• Important Executive Director Announcement from the NAWCC

    The NAWCC Board of Directors is pleased to announce that Mr. Rory McEvoy has been named Executive Director of the NAWCC. Rory is an internationally renowned horological scholar and comes to the NAWCC with strong credentials that solidly align with our education, fundraising, and membership growth objectives. He has a postgraduate degree in the conservation and restoration of antique clocks from West Dean College, and throughout his career, he has had the opportunity to handle some of the world’s most important horological artifacts, including longitude timekeepers by Harrison, Kendall, and Mudge.

    Rory formerly worked as Curator of Horology at the Royal Observatory, Greenwich, where his role included day-to-day management of research and digitization projects, writing, public speaking, conservation, convening conferences, exhibition work, and development of acquisition/disposal and collection care policies. In addition, he has worked as a horological specialist at Bonhams in London, where he cataloged and handled many rare timepieces and built important relationships with collectors, buyers, and sellers. Most recently, Rory has used his talents to share his love of horology at the university level by teaching horological theory, history, and the practical repair and making of clocks and watches at Birmingham City University.

    Rory is a British citizen and currently resides in the UK. Pre-COVID-19, Rory and his wife, Kaai, visited HQ in Columbia, Pennsylvania, where they met with staff, spent time in the Museum and Library & Research Center, and toured the area. Rory and Kaai will be relocating to the area as soon as the immigration challenges and travel restrictions due to COVID-19 permit.

    Some of you may already be familiar with Rory as he is also a well-known author and lecturer. His recent publications include the book Harrison Decoded: Towards a Perfect Pendulum Clock, which he edited with Jonathan Betts, and the article “George Graham and the Orrery” in the journal Nuncius.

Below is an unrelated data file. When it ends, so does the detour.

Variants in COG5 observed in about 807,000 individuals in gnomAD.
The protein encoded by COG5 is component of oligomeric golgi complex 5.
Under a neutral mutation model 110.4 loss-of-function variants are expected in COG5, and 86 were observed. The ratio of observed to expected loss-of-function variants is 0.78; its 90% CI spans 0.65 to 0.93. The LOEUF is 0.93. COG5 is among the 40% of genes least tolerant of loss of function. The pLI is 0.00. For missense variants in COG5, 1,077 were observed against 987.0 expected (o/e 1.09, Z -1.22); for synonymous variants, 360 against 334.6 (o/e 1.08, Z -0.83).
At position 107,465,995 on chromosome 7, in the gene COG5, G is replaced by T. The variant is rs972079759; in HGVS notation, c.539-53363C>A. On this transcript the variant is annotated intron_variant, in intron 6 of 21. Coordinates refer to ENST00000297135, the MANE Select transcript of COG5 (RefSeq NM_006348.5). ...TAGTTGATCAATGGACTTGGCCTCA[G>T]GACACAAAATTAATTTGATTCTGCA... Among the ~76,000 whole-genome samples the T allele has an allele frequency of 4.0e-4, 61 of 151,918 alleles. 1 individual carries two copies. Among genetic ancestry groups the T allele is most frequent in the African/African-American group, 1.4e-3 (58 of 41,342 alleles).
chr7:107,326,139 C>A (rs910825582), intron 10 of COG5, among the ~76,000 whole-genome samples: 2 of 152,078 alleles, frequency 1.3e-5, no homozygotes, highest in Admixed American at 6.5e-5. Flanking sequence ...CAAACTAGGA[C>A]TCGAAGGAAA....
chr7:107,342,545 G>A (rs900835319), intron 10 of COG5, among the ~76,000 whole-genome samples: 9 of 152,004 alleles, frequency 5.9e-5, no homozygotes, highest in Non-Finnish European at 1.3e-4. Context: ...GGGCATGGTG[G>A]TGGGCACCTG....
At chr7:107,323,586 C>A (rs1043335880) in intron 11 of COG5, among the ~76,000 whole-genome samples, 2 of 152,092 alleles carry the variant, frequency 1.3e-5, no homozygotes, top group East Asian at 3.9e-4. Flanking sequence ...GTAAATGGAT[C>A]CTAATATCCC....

Until Rory’s relocation to the United States is complete, he will be working closely with an on-boarding team assembled by the NAWCC Board of Directors to introduce him to the opportunities and challenges before us and to ensure a smooth transition. Rory will be participating in strategic and financial planning immediately, which will allow him to hit the ground running when he arrives in Columbia

    You can read more about Rory McEvoy and this exciting announcement in the upcoming March/April issue of the Watch & Clock Bulletin.

    Please join the entire Board and staff in welcoming Rory to the NAWCC community.

Kienzle Lackschilduhr: When does it date from?

sportell

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Jan 21, 2021
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We bought this clock from someone locally. I doubt it has much value and quite frankly, I just like it. We live in the Black Forest in an older house, so we are decorating it a little more old-fashioned. I am incredibly curious just how old this clock is. The seller had no information. The brand is Kienzle. I saw in this forum someone posted a collection of the Kienzle logos. https://mb.nawcc.org/threads/kienzle-table-clock-for-identification.120410/ Difficult to see in this image, but our version is the winged clock with the name Kienzle over it. The logo almost looks 1920s Bauhaus / Art Deco style. Does anyone have a clue when this was made? Or if its probably just a later reproduction? Thanks!